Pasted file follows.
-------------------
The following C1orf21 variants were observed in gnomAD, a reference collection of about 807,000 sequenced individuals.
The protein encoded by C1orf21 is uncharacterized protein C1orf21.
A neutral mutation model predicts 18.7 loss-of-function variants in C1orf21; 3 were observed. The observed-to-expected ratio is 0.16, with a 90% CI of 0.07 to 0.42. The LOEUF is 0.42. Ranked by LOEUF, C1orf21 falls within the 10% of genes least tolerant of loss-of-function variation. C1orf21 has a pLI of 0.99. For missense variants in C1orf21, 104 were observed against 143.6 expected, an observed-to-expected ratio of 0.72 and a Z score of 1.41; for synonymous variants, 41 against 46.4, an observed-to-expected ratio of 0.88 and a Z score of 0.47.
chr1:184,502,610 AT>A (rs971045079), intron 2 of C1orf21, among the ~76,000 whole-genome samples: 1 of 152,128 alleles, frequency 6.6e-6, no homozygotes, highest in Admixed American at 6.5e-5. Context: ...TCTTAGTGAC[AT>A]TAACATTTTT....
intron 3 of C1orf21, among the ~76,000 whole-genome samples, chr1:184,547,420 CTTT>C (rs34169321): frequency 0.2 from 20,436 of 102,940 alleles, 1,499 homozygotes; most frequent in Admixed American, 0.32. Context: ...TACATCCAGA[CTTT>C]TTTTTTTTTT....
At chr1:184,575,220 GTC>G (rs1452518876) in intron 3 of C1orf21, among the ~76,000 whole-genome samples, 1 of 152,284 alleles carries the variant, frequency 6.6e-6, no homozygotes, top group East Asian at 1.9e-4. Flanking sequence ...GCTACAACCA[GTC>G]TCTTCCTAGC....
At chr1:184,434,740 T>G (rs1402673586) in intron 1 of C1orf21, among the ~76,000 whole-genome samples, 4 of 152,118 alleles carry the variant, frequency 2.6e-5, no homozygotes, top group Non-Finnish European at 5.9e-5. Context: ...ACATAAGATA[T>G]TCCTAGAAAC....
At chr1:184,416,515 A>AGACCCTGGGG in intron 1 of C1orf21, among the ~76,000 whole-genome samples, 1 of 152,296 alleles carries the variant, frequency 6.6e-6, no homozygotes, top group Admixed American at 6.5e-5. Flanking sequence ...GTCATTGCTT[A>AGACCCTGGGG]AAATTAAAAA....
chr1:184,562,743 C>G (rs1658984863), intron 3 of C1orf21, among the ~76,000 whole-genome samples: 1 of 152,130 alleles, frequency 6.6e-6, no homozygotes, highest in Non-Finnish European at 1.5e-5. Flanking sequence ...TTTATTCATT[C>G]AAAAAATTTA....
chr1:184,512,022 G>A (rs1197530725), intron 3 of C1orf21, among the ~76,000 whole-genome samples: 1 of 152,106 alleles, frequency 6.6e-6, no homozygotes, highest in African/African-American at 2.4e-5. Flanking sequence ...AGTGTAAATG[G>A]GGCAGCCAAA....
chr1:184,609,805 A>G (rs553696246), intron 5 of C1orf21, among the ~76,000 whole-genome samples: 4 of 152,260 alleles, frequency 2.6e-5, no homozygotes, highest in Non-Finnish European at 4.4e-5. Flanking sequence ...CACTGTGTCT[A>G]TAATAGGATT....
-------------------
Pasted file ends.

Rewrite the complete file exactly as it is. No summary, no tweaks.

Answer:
The following C1orf21 variants were observed in gnomAD, a reference collection of about 807,000 sequenced individuals.
The protein encoded by C1orf21 is uncharacterized protein C1orf21.
A neutral mutation model predicts 18.7 loss-of-function variants in C1orf21; 3 were observed. The observed-to-expected ratio is 0.16, with a 90% CI of 0.07 to 0.42. The LOEUF is 0.42. Ranked by LOEUF, C1orf21 falls within the 10% of genes least tolerant of loss-of-function variation. C1orf21 has a pLI of 0.99. For missense variants in C1orf21, 104 were observed against 143.6 expected, an observed-to-expected ratio of 0.72 and a Z score of 1.41; for synonymous variants, 41 against 46.4, an observed-to-expected ratio of 0.88 and a Z score of 0.47.
chr1:184,502,610 AT>A (rs971045079), intron 2 of C1orf21, among the ~76,000 whole-genome samples: 1 of 152,128 alleles, frequency 6.6e-6, no homozygotes, highest in Admixed American at 6.5e-5. Context: ...TCTTAGTGAC[AT>A]TAACATTTTT....
intron 3 of C1orf21, among the ~76,000 whole-genome samples, chr1:184,547,420 CTTT>C (rs34169321): frequency 0.2 from 20,436 of 102,940 alleles, 1,499 homozygotes; most frequent in Admixed American, 0.32. Context: ...TACATCCAGA[CTTT>C]TTTTTTTTTT....
At chr1:184,575,220 GTC>G (rs1452518876) in intron 3 of C1orf21, among the ~76,000 whole-genome samples, 1 of 152,284 alleles carries the variant, frequency 6.6e-6, no homozygotes, top group East Asian at 1.9e-4. Flanking sequence ...GCTACAACCA[GTC>G]TCTTCCTAGC....
At chr1:184,434,740 T>G (rs1402673586) in intron 1 of C1orf21, among the ~76,000 whole-genome samples, 4 of 152,118 alleles carry the variant, frequency 2.6e-5, no homozygotes, top group Non-Finnish European at 5.9e-5. Context: ...ACATAAGATA[T>G]TCCTAGAAAC....
At chr1:184,416,515 A>AGACCCTGGGG in intron 1 of C1orf21, among the ~76,000 whole-genome samples, 1 of 152,296 alleles carries the variant, frequency 6.6e-6, no homozygotes, top group Admixed American at 6.5e-5. Flanking sequence ...GTCATTGCTT[A>AGACCCTGGGG]AAATTAAAAA....
chr1:184,562,743 C>G (rs1658984863), intron 3 of C1orf21, among the ~76,000 whole-genome samples: 1 of 152,130 alleles, frequency 6.6e-6, no homozygotes, highest in Non-Finnish European at 1.5e-5. Flanking sequence ...TTTATTCATT[C>G]AAAAAATTTA....
chr1:184,512,022 G>A (rs1197530725), intron 3 of C1orf21, among the ~76,000 whole-genome samples: 1 of 152,106 alleles, frequency 6.6e-6, no homozygotes, highest in African/African-American at 2.4e-5. Flanking sequence ...AGTGTAAATG[G>A]GGCAGCCAAA....
chr1:184,609,805 A>G (rs553696246), intron 5 of C1orf21, among the ~76,000 whole-genome samples: 4 of 152,260 alleles, frequency 2.6e-5, no homozygotes, highest in Non-Finnish European at 4.4e-5. Flanking sequence ...CACTGTGTCT[A>G]TAATAGGATT....